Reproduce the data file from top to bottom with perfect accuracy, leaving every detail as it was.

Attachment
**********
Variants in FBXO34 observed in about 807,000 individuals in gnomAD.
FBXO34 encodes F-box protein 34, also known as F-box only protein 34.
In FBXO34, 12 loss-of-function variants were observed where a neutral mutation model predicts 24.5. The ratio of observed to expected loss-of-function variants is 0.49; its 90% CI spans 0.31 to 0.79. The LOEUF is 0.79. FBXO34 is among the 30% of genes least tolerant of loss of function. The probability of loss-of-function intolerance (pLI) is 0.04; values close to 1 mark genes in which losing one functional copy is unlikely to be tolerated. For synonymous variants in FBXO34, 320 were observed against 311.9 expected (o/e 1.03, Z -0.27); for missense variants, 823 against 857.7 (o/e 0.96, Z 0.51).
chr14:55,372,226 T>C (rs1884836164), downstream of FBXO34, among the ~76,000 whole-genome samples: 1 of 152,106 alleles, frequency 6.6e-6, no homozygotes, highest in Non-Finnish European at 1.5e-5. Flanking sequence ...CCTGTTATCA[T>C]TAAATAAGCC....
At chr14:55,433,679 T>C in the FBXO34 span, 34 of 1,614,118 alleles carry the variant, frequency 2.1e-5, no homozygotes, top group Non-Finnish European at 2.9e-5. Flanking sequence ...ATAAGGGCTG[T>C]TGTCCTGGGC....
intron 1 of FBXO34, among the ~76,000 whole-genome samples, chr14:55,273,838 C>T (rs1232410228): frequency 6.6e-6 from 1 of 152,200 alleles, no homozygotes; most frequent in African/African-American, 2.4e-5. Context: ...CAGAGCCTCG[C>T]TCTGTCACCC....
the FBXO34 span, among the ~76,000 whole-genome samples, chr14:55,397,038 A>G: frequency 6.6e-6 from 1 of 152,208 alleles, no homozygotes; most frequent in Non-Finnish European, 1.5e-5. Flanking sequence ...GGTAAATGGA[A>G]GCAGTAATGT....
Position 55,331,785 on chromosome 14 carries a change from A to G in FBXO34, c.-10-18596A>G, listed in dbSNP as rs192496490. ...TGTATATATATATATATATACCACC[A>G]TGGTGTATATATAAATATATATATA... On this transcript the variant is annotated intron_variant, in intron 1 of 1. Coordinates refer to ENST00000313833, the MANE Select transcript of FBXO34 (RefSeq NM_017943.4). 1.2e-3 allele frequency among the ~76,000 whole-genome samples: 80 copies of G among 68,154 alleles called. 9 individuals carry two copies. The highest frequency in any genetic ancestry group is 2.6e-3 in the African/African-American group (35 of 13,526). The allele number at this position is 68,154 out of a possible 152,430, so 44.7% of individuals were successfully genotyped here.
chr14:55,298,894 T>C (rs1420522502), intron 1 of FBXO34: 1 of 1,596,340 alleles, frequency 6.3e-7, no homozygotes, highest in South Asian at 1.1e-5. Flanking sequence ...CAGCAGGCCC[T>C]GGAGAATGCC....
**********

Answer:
Variants in FBXO34 observed in about 807,000 individuals in gnomAD.
FBXO34 encodes F-box protein 34, also known as F-box only protein 34.
In FBXO34, 12 loss-of-function variants were observed where a neutral mutation model predicts 24.5. The ratio of observed to expected loss-of-function variants is 0.49; its 90% CI spans 0.31 to 0.79. The LOEUF is 0.79. FBXO34 is among the 30% of genes least tolerant of loss of function. The probability of loss-of-function intolerance (pLI) is 0.04; values close to 1 mark genes in which losing one functional copy is unlikely to be tolerated. For synonymous variants in FBXO34, 320 were observed against 311.9 expected (o/e 1.03, Z -0.27); for missense variants, 823 against 857.7 (o/e 0.96, Z 0.51).
chr14:55,372,226 T>C (rs1884836164), downstream of FBXO34, among the ~76,000 whole-genome samples: 1 of 152,106 alleles, frequency 6.6e-6, no homozygotes, highest in Non-Finnish European at 1.5e-5. Flanking sequence ...CCTGTTATCA[T>C]TAAATAAGCC....
At chr14:55,433,679 T>C in the FBXO34 span, 34 of 1,614,118 alleles carry the variant, frequency 2.1e-5, no homozygotes, top group Non-Finnish European at 2.9e-5. Flanking sequence ...ATAAGGGCTG[T>C]TGTCCTGGGC....
intron 1 of FBXO34, among the ~76,000 whole-genome samples, chr14:55,273,838 C>T (rs1232410228): frequency 6.6e-6 from 1 of 152,200 alleles, no homozygotes; most frequent in African/African-American, 2.4e-5. Context: ...CAGAGCCTCG[C>T]TCTGTCACCC....
the FBXO34 span, among the ~76,000 whole-genome samples, chr14:55,397,038 A>G: frequency 6.6e-6 from 1 of 152,208 alleles, no homozygotes; most frequent in Non-Finnish European, 1.5e-5. Flanking sequence ...GGTAAATGGA[A>G]GCAGTAATGT....
Position 55,331,785 on chromosome 14 carries a change from A to G in FBXO34, c.-10-18596A>G, listed in dbSNP as rs192496490. ...TGTATATATATATATATATACCACC[A>G]TGGTGTATATATAAATATATATATA... On this transcript the variant is annotated intron_variant, in intron 1 of 1. Coordinates refer to ENST00000313833, the MANE Select transcript of FBXO34 (RefSeq NM_017943.4). 1.2e-3 allele frequency among the ~76,000 whole-genome samples: 80 copies of G among 68,154 alleles called. 9 individuals carry two copies. The highest frequency in any genetic ancestry group is 2.6e-3 in the African/African-American group (35 of 13,526). The allele number at this position is 68,154 out of a possible 152,430, so 44.7% of individuals were successfully genotyped here.
chr14:55,298,894 T>C (rs1420522502), intron 1 of FBXO34: 1 of 1,596,340 alleles, frequency 6.3e-7, no homozygotes, highest in South Asian at 1.1e-5. Flanking sequence ...CAGCAGGCCC[T>C]GGAGAATGCC....